Researchers take routine measures (temperature, blood pressure and weight), but participants also undergo more sophisticated tests. Echocardiograms help researchers examine hearts, and spirometry tests measure lung function. In addition to collecting blood and urine, researchers might also take samples of the participants' breath.

Even simple tests can provide valuable insight. Researchers will evaluate a participant's grip strength, which previous BLSA research has shown can predict whether someone might be at higher risk of complications after surgery or more likely to die prematurely.

Please go to this url for the complete story----


Some of you have already reached this milestone, and I know others are hoping the world blows up before it happens to them, but  -- if we’re lucky enough – someday we all turn 65. My big day is right around the corner.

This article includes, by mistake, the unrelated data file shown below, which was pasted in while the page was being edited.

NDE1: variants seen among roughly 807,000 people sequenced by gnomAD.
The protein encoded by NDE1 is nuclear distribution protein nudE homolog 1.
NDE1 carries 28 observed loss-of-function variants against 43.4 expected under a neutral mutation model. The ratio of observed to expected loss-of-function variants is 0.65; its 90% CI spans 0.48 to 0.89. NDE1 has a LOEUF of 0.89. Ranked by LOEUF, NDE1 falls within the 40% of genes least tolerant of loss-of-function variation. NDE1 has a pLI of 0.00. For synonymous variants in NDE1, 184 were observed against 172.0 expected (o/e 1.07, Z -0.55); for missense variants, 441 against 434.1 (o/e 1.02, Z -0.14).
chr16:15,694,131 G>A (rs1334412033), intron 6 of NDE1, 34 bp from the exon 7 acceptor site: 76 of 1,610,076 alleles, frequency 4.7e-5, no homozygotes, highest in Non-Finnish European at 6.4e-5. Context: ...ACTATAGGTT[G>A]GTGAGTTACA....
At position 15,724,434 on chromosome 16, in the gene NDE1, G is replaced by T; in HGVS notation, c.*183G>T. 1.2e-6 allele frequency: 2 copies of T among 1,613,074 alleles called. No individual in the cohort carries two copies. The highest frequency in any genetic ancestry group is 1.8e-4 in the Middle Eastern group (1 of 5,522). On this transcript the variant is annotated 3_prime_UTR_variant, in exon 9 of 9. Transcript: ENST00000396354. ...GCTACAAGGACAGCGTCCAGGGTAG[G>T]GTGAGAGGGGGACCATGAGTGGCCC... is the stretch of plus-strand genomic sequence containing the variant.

Omigod, how could someone so young get so old?

It’s not like this date with destiny slipped up on me, exactly, but still, I’m having a hard time processing what should be just another birthday. After all, we’re only a day older on our birthday than we were the day before, right?

The undeniable proof of my impending old age is imprinted like a watermark in the Medicare card that arrived by mail recently.

There it is. Looks just like the one my parents carried around, all red, white and blue. But if you tilt the card ever so slightly into the light, you’ll notice the words “very, very old” are woven right into the paper!